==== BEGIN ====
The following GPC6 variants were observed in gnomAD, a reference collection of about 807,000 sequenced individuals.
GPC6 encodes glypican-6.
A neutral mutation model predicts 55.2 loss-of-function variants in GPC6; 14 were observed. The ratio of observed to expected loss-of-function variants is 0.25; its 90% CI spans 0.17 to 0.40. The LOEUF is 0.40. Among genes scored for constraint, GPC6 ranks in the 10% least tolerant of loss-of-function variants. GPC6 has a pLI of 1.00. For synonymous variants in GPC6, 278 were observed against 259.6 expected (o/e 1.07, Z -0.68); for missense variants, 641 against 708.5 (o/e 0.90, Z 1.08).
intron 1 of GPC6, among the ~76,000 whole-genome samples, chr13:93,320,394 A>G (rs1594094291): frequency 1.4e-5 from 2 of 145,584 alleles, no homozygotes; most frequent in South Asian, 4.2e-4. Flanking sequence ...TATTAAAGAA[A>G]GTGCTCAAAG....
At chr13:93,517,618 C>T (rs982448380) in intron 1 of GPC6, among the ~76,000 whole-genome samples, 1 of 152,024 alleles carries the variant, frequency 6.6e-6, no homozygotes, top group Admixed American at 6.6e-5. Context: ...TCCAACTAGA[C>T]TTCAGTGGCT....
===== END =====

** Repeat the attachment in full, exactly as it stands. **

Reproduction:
The following GPC6 variants were observed in gnomAD, a reference collection of about 807,000 sequenced individuals.
GPC6 encodes glypican-6.
A neutral mutation model predicts 55.2 loss-of-function variants in GPC6; 14 were observed. The ratio of observed to expected loss-of-function variants is 0.25; its 90% CI spans 0.17 to 0.40. The LOEUF is 0.40. Among genes scored for constraint, GPC6 ranks in the 10% least tolerant of loss-of-function variants. GPC6 has a pLI of 1.00. For synonymous variants in GPC6, 278 were observed against 259.6 expected (o/e 1.07, Z -0.68); for missense variants, 641 against 708.5 (o/e 0.90, Z 1.08).
intron 1 of GPC6, among the ~76,000 whole-genome samples, chr13:93,320,394 A>G (rs1594094291): frequency 1.4e-5 from 2 of 145,584 alleles, no homozygotes; most frequent in South Asian, 4.2e-4. Flanking sequence ...TATTAAAGAA[A>G]GTGCTCAAAG....
At chr13:93,517,618 C>T (rs982448380) in intron 1 of GPC6, among the ~76,000 whole-genome samples, 1 of 152,024 alleles carries the variant, frequency 6.6e-6, no homozygotes, top group Admixed American at 6.6e-5. Context: ...TCCAACTAGA[C>T]TTCAGTGGCT....